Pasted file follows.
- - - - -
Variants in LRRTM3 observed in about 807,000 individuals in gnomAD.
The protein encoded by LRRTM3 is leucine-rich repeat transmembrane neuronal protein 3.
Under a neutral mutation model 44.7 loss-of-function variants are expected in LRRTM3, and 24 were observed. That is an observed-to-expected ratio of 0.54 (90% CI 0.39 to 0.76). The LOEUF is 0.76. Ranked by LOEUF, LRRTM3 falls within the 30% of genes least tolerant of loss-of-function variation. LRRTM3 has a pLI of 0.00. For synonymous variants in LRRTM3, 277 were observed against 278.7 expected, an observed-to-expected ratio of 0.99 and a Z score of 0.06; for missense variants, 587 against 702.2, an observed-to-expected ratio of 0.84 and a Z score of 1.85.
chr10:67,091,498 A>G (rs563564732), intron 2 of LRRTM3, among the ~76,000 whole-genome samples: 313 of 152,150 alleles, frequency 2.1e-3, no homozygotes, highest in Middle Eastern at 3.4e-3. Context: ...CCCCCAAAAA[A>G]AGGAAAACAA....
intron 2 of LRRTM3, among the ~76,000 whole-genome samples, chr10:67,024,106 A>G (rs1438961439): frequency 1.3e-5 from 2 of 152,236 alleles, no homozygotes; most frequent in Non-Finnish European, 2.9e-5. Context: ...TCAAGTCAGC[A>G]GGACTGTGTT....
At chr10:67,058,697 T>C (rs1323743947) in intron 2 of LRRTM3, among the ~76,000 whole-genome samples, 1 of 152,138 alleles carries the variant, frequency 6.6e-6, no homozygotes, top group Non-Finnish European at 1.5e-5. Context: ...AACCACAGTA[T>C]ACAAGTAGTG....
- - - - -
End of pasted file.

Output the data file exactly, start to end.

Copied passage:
Variants in LRRTM3 observed in about 807,000 individuals in gnomAD.
The protein encoded by LRRTM3 is leucine-rich repeat transmembrane neuronal protein 3.
Under a neutral mutation model 44.7 loss-of-function variants are expected in LRRTM3, and 24 were observed. That is an observed-to-expected ratio of 0.54 (90% CI 0.39 to 0.76). The LOEUF is 0.76. Ranked by LOEUF, LRRTM3 falls within the 30% of genes least tolerant of loss-of-function variation. LRRTM3 has a pLI of 0.00. For synonymous variants in LRRTM3, 277 were observed against 278.7 expected, an observed-to-expected ratio of 0.99 and a Z score of 0.06; for missense variants, 587 against 702.2, an observed-to-expected ratio of 0.84 and a Z score of 1.85.
chr10:67,091,498 A>G (rs563564732), intron 2 of LRRTM3, among the ~76,000 whole-genome samples: 313 of 152,150 alleles, frequency 2.1e-3, no homozygotes, highest in Middle Eastern at 3.4e-3. Context: ...CCCCCAAAAA[A>G]AGGAAAACAA....
intron 2 of LRRTM3, among the ~76,000 whole-genome samples, chr10:67,024,106 A>G (rs1438961439): frequency 1.3e-5 from 2 of 152,236 alleles, no homozygotes; most frequent in Non-Finnish European, 2.9e-5. Context: ...TCAAGTCAGC[A>G]GGACTGTGTT....
At chr10:67,058,697 T>C (rs1323743947) in intron 2 of LRRTM3, among the ~76,000 whole-genome samples, 1 of 152,138 alleles carries the variant, frequency 6.6e-6, no homozygotes, top group Non-Finnish European at 1.5e-5. Context: ...AACCACAGTA[T>C]ACAAGTAGTG....